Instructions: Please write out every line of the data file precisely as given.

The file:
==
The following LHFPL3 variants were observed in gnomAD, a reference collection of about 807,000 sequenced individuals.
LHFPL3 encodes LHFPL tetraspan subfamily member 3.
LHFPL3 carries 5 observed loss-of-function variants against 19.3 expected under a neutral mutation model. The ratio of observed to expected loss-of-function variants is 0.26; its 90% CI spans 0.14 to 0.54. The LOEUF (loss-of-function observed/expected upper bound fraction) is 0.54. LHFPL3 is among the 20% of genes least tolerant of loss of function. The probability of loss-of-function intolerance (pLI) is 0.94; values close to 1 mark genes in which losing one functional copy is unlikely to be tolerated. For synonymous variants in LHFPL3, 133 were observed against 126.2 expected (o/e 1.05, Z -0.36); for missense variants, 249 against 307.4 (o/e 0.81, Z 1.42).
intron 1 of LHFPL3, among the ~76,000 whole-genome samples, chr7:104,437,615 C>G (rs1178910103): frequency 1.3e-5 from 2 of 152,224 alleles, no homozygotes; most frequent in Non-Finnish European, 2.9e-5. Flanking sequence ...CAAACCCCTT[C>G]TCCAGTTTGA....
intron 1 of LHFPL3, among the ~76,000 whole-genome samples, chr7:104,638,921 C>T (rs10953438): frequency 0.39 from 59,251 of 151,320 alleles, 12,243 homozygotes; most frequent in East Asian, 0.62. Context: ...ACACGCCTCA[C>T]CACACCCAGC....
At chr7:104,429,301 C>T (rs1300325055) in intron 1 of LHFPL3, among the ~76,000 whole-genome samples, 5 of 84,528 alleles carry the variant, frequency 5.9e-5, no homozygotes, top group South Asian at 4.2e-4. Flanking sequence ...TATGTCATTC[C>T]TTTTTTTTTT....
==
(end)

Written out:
The following LHFPL3 variants were observed in gnomAD, a reference collection of about 807,000 sequenced individuals.
LHFPL3 encodes LHFPL tetraspan subfamily member 3.
LHFPL3 carries 5 observed loss-of-function variants against 19.3 expected under a neutral mutation model. The ratio of observed to expected loss-of-function variants is 0.26; its 90% CI spans 0.14 to 0.54. The LOEUF (loss-of-function observed/expected upper bound fraction) is 0.54. LHFPL3 is among the 20% of genes least tolerant of loss of function. The probability of loss-of-function intolerance (pLI) is 0.94; values close to 1 mark genes in which losing one functional copy is unlikely to be tolerated. For synonymous variants in LHFPL3, 133 were observed against 126.2 expected (o/e 1.05, Z -0.36); for missense variants, 249 against 307.4 (o/e 0.81, Z 1.42).
intron 1 of LHFPL3, among the ~76,000 whole-genome samples, chr7:104,437,615 C>G (rs1178910103): frequency 1.3e-5 from 2 of 152,224 alleles, no homozygotes; most frequent in Non-Finnish European, 2.9e-5. Flanking sequence ...CAAACCCCTT[C>G]TCCAGTTTGA....
intron 1 of LHFPL3, among the ~76,000 whole-genome samples, chr7:104,638,921 C>T (rs10953438): frequency 0.39 from 59,251 of 151,320 alleles, 12,243 homozygotes; most frequent in East Asian, 0.62. Context: ...ACACGCCTCA[C>T]CACACCCAGC....
At chr7:104,429,301 C>T (rs1300325055) in intron 1 of LHFPL3, among the ~76,000 whole-genome samples, 5 of 84,528 alleles carry the variant, frequency 5.9e-5, no homozygotes, top group South Asian at 4.2e-4. Flanking sequence ...TATGTCATTC[C>T]TTTTTTTTTT....